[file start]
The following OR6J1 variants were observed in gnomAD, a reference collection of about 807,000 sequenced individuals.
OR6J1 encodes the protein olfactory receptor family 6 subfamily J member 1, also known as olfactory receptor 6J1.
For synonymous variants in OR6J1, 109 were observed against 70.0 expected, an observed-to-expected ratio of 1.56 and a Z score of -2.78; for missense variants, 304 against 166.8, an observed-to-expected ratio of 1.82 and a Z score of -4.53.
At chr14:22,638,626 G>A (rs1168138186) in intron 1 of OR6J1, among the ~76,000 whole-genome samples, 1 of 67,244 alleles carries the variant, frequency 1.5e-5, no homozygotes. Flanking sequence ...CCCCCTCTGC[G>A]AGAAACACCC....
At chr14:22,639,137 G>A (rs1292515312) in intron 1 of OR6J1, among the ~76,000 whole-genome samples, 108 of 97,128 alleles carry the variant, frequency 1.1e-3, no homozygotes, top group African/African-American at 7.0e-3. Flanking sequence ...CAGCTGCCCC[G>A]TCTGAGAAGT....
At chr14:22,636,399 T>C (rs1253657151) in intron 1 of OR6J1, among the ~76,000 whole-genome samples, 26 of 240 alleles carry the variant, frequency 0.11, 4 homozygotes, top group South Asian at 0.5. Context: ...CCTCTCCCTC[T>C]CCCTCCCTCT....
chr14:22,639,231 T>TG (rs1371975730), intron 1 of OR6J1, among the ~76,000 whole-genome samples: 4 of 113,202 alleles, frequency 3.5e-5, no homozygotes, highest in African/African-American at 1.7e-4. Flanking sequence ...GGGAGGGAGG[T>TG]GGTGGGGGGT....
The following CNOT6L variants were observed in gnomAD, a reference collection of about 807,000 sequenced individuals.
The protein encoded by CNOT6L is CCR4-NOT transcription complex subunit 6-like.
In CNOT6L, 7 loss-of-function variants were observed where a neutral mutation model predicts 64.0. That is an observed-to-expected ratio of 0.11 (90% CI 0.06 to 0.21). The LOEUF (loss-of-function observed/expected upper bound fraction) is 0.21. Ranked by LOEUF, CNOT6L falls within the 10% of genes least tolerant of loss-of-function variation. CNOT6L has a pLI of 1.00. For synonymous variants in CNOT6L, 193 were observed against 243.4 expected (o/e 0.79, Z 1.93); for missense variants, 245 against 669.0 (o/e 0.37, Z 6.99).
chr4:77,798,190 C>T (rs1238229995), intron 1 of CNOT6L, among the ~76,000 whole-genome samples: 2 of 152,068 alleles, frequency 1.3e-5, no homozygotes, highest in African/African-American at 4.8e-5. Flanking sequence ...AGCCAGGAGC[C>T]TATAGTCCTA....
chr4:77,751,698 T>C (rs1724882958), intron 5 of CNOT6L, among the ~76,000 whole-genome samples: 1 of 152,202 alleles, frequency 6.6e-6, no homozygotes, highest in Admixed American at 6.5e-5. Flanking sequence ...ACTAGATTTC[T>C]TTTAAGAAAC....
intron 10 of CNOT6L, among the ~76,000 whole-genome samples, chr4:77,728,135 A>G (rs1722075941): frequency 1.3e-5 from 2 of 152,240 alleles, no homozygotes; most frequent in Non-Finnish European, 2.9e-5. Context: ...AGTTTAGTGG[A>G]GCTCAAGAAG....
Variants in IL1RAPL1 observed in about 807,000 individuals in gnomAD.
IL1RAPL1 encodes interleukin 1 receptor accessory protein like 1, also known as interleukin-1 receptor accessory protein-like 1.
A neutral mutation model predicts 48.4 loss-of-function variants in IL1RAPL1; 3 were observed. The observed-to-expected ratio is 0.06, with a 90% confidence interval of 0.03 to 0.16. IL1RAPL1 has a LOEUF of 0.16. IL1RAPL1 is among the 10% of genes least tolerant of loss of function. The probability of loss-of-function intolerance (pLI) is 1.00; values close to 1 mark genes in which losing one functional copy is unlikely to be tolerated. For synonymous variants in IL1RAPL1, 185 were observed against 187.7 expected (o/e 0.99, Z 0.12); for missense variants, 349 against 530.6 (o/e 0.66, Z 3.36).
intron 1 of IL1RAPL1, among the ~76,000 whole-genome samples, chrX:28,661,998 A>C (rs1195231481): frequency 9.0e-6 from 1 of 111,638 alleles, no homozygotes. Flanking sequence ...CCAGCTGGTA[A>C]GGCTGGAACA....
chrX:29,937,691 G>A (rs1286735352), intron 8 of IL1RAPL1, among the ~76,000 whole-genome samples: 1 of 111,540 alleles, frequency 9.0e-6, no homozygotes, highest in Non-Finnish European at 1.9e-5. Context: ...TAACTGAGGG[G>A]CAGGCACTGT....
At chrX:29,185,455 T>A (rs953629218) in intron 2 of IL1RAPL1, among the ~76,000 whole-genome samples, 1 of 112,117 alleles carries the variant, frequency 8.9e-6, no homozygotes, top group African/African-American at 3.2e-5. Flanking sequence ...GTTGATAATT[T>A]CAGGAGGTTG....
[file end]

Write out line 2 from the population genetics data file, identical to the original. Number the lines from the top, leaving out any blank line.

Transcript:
OR6J1 encodes the protein olfactory receptor family 6 subfamily J member 1, also known as olfactory receptor 6J1.